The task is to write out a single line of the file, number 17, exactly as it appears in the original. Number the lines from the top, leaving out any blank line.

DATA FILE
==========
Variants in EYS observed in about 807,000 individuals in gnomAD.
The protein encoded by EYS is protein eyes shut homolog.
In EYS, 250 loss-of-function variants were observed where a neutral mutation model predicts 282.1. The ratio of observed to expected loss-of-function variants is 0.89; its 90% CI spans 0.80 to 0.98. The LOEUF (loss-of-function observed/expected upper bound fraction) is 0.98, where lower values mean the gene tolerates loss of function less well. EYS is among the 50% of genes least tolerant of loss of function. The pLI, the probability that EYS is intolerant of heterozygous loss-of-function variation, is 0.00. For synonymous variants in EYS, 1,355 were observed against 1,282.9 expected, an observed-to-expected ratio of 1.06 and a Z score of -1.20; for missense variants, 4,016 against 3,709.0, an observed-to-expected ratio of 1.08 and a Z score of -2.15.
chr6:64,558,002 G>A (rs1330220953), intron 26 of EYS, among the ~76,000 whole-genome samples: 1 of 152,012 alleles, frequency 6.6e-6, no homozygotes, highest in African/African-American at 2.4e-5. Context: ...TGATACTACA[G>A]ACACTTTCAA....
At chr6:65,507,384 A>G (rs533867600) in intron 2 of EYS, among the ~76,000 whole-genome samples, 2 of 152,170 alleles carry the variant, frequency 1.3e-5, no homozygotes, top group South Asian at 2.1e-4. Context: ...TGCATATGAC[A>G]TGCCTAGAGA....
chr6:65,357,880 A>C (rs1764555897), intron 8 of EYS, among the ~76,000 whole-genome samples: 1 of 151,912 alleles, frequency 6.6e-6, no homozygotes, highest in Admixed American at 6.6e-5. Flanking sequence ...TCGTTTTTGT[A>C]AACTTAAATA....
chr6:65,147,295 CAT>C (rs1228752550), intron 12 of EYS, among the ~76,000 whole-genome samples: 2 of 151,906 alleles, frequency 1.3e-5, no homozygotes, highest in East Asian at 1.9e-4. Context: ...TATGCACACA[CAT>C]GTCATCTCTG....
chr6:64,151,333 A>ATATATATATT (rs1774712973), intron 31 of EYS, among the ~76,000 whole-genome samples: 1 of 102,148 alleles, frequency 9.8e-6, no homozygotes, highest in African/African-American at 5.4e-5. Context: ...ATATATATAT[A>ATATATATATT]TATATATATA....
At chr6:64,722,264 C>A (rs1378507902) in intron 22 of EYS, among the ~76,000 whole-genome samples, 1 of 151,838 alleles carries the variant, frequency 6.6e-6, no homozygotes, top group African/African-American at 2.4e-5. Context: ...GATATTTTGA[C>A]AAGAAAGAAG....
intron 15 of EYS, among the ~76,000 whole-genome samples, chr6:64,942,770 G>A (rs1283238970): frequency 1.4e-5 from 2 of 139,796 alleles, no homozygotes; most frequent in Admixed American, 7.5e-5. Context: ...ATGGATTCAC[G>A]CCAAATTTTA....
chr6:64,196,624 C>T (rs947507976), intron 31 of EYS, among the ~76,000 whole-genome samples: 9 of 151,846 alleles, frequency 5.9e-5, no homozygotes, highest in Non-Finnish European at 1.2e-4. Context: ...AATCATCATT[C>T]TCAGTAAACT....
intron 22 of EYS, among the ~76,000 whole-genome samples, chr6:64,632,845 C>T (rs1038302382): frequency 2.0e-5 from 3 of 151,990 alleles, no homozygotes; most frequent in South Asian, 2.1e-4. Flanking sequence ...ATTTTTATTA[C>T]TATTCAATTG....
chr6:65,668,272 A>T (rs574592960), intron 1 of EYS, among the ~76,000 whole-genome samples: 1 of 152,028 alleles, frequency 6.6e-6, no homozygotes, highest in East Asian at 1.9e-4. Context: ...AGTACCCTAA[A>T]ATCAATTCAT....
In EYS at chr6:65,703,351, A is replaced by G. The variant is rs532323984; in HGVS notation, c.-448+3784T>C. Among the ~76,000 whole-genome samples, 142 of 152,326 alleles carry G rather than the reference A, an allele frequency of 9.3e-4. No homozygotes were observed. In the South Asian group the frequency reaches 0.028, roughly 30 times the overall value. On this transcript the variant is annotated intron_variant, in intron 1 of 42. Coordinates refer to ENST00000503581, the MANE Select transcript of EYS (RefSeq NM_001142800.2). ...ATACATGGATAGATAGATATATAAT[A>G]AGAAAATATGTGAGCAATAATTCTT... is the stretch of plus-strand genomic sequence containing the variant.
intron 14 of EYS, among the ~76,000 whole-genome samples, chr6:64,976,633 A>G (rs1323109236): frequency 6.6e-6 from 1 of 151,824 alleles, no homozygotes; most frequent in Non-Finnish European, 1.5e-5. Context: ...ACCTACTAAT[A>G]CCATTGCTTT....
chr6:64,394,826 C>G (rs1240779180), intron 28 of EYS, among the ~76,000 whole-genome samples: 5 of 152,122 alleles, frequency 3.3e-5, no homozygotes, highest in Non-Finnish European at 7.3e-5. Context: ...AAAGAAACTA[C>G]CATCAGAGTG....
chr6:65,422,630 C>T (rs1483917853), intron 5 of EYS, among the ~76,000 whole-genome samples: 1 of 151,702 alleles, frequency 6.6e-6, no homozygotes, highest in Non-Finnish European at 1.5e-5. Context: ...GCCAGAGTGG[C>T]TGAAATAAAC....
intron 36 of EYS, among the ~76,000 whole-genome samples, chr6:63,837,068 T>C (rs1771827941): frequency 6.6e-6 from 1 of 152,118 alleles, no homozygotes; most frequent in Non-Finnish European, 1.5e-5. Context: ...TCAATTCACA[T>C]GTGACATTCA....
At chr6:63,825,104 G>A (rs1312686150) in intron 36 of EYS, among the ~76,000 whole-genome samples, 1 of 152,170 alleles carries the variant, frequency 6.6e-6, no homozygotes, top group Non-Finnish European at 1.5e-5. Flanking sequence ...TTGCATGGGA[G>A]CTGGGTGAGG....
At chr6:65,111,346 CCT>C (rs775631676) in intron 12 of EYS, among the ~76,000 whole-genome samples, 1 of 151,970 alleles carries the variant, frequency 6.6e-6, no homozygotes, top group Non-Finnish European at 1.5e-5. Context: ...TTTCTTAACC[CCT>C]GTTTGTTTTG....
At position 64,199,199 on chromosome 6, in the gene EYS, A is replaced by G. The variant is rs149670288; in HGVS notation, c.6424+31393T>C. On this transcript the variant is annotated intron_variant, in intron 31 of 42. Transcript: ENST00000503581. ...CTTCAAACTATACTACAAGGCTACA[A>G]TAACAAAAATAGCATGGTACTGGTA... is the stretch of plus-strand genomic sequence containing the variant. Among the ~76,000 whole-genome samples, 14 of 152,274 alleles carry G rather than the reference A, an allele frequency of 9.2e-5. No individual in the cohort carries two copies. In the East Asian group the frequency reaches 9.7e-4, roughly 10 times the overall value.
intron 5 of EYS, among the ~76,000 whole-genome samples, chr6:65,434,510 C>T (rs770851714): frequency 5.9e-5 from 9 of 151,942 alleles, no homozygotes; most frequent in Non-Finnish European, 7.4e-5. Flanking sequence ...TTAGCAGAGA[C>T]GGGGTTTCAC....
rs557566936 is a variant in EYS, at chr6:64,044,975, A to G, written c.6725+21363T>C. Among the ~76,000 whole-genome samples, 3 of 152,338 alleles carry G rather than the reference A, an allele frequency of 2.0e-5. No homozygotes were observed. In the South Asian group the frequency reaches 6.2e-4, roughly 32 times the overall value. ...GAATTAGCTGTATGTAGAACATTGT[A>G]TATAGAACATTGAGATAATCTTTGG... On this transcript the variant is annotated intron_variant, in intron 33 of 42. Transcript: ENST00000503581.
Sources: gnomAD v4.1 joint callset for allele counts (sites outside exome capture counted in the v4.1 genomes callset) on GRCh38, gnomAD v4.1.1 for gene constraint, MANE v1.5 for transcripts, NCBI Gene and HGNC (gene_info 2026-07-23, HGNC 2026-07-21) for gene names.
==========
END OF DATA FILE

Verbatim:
chr6:65,422,630 C>T (rs1483917853), intron 5 of EYS, among the ~76,000 whole-genome samples: 1 of 151,702 alleles, frequency 6.6e-6, no homozygotes, highest in Non-Finnish European at 1.5e-5. Context: ...GCCAGAGTGG[C>T]TGAAATAAAC....